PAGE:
While it’s true that some irresponsible breeders and owners have cultivated aggression in Pitbulls bred for fighting and guarding, well-raised Pitbulls are known to be affectionate, loyal, and calm.
Studies of aggressive behavior among dog breeds show that Dachshunds rank high in aggression (including bites and bite attempts) towards humans and other dogs.
The research has shown that Pitbulls are most likely to show aggression when encountering unfamiliar dogs.
Your Dox Bull can inherit the personality traits of either parent breed in any combination. However, they are generally intelligent dogs with lively and devoted natures.
Proper training and socialization are key to ensuring good behavior in your Pitbull Dachshund mix. So, here’s what you should know.
Training Your Pitbull Dachshund Mix
Dachshund experts warn potential owners that the breed can be a challenge to train. They require consistency and the use of positive reinforcement training techniques.
A dog with Pitbull ancestry can also present challenges. The AmStaff is known as an intelligent and eager to please breed, but it can be headstrong, and its physical strength requires a firm and confident approach.
Since your Dox Bull can be feisty and strong-willed, think about getting help from a professional dog trainer or enrolling your pup in formal training classes if you are a less experienced dog owner.
Your mix will also need regular exercise. While the Pitbull is very energetic and athletic, special care should be taken to avoid injury if your dog has the short legs and long back of a Dachshund.
Let’s look at how the Dachshund’s body conformation can impact its health and wellbeing.
Pitbull Dachshund Mix Health
A painful and potentially paralyzing spinal condition called intervertebral disc disease (IVDD) is common among Dachshunds and other dog breeds with similar body types.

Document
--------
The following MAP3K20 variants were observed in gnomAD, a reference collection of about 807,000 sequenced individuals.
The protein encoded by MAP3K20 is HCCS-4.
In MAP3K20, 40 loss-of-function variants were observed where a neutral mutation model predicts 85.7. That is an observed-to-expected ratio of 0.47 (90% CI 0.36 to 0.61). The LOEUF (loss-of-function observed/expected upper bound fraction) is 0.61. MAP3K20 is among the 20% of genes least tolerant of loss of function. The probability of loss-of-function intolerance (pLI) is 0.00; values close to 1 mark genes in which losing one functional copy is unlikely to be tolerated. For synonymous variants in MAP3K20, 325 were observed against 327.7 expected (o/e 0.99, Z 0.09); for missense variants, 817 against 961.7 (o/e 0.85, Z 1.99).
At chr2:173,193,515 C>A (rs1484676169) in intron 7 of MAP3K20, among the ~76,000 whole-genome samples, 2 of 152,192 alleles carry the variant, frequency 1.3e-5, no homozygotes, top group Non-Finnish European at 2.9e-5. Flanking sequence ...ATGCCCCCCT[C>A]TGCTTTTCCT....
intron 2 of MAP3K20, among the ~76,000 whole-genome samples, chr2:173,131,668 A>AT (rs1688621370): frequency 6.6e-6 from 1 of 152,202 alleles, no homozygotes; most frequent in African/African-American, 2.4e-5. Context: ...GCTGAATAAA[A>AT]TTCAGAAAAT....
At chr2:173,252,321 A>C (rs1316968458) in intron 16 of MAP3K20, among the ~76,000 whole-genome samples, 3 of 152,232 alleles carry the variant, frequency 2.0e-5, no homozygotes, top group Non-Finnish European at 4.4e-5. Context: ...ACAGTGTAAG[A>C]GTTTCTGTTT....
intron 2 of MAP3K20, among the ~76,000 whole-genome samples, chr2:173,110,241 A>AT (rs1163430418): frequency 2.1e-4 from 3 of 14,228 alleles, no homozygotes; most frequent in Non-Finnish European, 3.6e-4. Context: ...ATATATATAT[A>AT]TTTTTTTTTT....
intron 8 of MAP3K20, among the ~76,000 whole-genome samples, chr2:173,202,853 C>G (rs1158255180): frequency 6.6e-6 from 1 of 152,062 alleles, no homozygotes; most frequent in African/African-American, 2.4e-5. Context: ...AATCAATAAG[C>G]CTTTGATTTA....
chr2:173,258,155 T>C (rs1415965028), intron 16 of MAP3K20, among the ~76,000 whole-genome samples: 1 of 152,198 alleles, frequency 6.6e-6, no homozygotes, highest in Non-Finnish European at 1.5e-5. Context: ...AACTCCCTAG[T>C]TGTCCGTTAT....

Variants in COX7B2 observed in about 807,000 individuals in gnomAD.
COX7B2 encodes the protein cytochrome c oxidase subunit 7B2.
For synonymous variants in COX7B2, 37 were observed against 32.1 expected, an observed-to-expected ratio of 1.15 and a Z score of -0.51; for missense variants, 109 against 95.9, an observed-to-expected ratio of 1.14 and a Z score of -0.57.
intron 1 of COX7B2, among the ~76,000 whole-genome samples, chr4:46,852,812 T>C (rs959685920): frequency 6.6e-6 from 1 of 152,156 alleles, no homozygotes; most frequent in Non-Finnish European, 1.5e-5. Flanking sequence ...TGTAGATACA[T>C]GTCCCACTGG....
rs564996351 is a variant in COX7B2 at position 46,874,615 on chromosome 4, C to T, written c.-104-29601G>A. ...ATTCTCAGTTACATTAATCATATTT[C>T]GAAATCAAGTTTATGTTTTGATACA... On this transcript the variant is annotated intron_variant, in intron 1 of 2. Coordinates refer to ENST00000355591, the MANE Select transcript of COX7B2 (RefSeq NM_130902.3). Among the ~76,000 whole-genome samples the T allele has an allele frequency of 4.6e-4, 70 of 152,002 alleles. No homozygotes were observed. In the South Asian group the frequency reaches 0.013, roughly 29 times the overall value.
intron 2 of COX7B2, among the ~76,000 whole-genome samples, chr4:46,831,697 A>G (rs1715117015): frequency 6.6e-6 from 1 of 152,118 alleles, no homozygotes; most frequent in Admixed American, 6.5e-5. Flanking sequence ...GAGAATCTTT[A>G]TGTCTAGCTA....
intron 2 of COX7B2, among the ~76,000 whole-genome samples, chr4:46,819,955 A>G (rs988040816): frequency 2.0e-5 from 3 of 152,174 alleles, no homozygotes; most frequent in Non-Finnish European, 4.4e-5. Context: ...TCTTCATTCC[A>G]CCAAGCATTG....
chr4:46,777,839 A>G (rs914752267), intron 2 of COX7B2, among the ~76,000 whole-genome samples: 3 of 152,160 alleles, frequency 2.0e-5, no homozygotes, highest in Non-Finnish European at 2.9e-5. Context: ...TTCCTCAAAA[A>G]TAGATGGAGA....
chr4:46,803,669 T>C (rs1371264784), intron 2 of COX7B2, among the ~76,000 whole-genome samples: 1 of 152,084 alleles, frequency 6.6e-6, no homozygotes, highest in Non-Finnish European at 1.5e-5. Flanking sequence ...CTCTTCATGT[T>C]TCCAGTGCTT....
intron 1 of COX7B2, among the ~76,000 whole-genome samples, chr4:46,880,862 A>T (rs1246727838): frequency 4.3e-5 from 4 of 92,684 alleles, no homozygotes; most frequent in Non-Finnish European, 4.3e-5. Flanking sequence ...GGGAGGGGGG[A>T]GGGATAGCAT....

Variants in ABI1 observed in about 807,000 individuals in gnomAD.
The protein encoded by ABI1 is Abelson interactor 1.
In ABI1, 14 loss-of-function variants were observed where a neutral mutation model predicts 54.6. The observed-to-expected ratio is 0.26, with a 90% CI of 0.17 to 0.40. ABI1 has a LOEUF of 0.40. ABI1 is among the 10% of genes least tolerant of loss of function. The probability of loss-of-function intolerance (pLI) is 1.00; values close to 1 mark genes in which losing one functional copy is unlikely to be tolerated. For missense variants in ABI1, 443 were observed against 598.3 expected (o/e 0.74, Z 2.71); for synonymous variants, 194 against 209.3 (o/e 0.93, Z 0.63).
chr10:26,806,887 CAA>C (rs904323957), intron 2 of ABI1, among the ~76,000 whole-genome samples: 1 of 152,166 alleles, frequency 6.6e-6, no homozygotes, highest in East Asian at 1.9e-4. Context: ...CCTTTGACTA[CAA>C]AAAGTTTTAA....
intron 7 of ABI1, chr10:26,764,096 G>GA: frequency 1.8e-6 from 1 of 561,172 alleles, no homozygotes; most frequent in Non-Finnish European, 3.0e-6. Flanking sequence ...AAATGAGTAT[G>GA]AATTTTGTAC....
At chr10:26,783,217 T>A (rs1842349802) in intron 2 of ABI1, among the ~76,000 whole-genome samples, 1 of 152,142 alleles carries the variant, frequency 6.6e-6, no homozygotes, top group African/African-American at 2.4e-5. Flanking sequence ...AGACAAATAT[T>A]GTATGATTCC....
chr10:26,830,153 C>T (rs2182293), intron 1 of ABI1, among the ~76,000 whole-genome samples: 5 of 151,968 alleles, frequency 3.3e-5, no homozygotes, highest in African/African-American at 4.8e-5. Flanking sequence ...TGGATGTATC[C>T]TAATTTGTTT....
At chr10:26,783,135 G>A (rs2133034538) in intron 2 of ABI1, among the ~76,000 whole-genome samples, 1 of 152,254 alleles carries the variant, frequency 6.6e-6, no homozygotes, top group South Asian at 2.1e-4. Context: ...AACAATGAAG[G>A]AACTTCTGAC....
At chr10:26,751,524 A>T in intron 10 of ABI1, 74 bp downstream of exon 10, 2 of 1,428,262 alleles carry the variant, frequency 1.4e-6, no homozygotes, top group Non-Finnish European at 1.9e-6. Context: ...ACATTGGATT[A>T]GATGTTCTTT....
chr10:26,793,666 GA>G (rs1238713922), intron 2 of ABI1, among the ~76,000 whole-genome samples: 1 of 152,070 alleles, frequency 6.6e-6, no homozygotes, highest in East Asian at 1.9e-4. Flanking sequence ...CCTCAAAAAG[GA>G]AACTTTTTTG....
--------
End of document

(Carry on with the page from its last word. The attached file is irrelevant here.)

One study found that nearly one in four smooth haired Dachshunds have some form of IVDD.
Other inherited health disorders that can be found in the Dachshund include a type of cancer called hemangiosarcoma and an angular limb deformity known as pes varus.
The AmStaff can also suffer from some inherited health problems.
Like many breeds, the Pitbull can be prone to the joint conditions hip and elbow dysplasia.
Other common health issues include some heart and thyroid problems, as well as a neurological disorder known as cerebellar ataxia.
Your Pitbull Dachshund mix can inherit genetic health conditions from both parent breeds, especially spinal, limb, and joint problems.
Fortunately, there are tests for many common inherited health problems. We’ll talk about how you can find a healthy Dox Bull puppy a bit later.
Looking at the lifespans of the Dachshund and Pitbull parent breeds can help you predict how long your Pittie Dachshund mix will be with you.
Do Pitbull Dachshund Mixes make good Family Dogs?
The Pitbull Dachshund mix can make a good pet for the right family. Potential owners should be aware of possible health problems, especially IVDD and hip dysplasia.
Training can be demanding for both parent breeds, so proper training of the Dox Bull requires time and commitment.
Families with other pets and small children in the home may want to consider other breeds and breed mixes before deciding on a Dox Bull.
Rescuing a Pitbull Dachshund Mix
Can you rescue a Pitbull Dachshund mix?
It is possible to find an adoptable Pitbull Dachshund mix through an animal shelter or rescue organization, especially if you are interested in an adult dog.
We’ll talk about rescue after a brief overview of finding and raising your Dox Bull puppy.
Finding a Pitbull Dachshund Mix Puppy
Because both parent breeds can suffer from some potentially serious health problems, it’s important to work with a responsible breeder who tests the health of their dogs.
Avoid getting your puppy from an online advertisement or a retail pet store, as dogs from these sources can come from puppy mills.
Reputable breeders will health test their dogs and share all results with you. Tests can come in the form of DNA testing or exams done by veterinary specialists.